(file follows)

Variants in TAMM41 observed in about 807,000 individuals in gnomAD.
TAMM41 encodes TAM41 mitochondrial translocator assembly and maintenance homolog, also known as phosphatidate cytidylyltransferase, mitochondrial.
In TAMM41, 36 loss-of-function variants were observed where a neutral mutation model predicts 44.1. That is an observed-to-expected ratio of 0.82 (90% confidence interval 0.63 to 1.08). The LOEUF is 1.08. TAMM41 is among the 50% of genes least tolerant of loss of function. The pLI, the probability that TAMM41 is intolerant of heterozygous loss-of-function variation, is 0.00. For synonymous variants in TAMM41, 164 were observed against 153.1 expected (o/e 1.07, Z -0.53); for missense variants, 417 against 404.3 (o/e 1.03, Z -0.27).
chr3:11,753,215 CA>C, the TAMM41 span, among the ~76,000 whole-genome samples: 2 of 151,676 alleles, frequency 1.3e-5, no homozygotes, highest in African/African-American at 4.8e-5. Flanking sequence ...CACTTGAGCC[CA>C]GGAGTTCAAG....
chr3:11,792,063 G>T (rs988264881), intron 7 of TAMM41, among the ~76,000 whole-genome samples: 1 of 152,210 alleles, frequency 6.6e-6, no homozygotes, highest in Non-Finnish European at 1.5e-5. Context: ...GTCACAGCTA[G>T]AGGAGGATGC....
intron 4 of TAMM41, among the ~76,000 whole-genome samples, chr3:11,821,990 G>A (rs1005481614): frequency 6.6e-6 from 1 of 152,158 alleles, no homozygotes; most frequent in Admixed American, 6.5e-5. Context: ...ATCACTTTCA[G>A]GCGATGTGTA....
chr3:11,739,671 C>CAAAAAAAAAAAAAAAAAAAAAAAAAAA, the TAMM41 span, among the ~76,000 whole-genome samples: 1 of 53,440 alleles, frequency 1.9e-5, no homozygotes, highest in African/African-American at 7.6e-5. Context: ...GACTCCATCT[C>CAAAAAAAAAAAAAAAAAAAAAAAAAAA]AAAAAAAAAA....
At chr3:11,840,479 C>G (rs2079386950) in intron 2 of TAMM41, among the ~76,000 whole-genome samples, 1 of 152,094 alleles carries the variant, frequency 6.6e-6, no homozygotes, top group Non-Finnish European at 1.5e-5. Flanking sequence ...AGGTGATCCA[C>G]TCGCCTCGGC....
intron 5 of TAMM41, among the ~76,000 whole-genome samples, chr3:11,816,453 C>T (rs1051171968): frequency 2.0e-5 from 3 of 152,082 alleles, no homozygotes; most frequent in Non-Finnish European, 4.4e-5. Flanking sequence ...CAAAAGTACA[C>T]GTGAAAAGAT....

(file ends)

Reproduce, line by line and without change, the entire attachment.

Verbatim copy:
Variants in TAMM41 observed in about 807,000 individuals in gnomAD.
TAMM41 encodes TAM41 mitochondrial translocator assembly and maintenance homolog, also known as phosphatidate cytidylyltransferase, mitochondrial.
In TAMM41, 36 loss-of-function variants were observed where a neutral mutation model predicts 44.1. That is an observed-to-expected ratio of 0.82 (90% confidence interval 0.63 to 1.08). The LOEUF is 1.08. TAMM41 is among the 50% of genes least tolerant of loss of function. The pLI, the probability that TAMM41 is intolerant of heterozygous loss-of-function variation, is 0.00. For synonymous variants in TAMM41, 164 were observed against 153.1 expected (o/e 1.07, Z -0.53); for missense variants, 417 against 404.3 (o/e 1.03, Z -0.27).
chr3:11,753,215 CA>C, the TAMM41 span, among the ~76,000 whole-genome samples: 2 of 151,676 alleles, frequency 1.3e-5, no homozygotes, highest in African/African-American at 4.8e-5. Flanking sequence ...CACTTGAGCC[CA>C]GGAGTTCAAG....
chr3:11,792,063 G>T (rs988264881), intron 7 of TAMM41, among the ~76,000 whole-genome samples: 1 of 152,210 alleles, frequency 6.6e-6, no homozygotes, highest in Non-Finnish European at 1.5e-5. Context: ...GTCACAGCTA[G>T]AGGAGGATGC....
intron 4 of TAMM41, among the ~76,000 whole-genome samples, chr3:11,821,990 G>A (rs1005481614): frequency 6.6e-6 from 1 of 152,158 alleles, no homozygotes; most frequent in Admixed American, 6.5e-5. Context: ...ATCACTTTCA[G>A]GCGATGTGTA....
chr3:11,739,671 C>CAAAAAAAAAAAAAAAAAAAAAAAAAAA, the TAMM41 span, among the ~76,000 whole-genome samples: 1 of 53,440 alleles, frequency 1.9e-5, no homozygotes, highest in African/African-American at 7.6e-5. Context: ...GACTCCATCT[C>CAAAAAAAAAAAAAAAAAAAAAAAAAAA]AAAAAAAAAA....
At chr3:11,840,479 C>G (rs2079386950) in intron 2 of TAMM41, among the ~76,000 whole-genome samples, 1 of 152,094 alleles carries the variant, frequency 6.6e-6, no homozygotes, top group Non-Finnish European at 1.5e-5. Flanking sequence ...AGGTGATCCA[C>G]TCGCCTCGGC....
intron 5 of TAMM41, among the ~76,000 whole-genome samples, chr3:11,816,453 C>T (rs1051171968): frequency 2.0e-5 from 3 of 152,082 alleles, no homozygotes; most frequent in Non-Finnish European, 4.4e-5. Flanking sequence ...CAAAAGTACA[C>T]GTGAAAAGAT....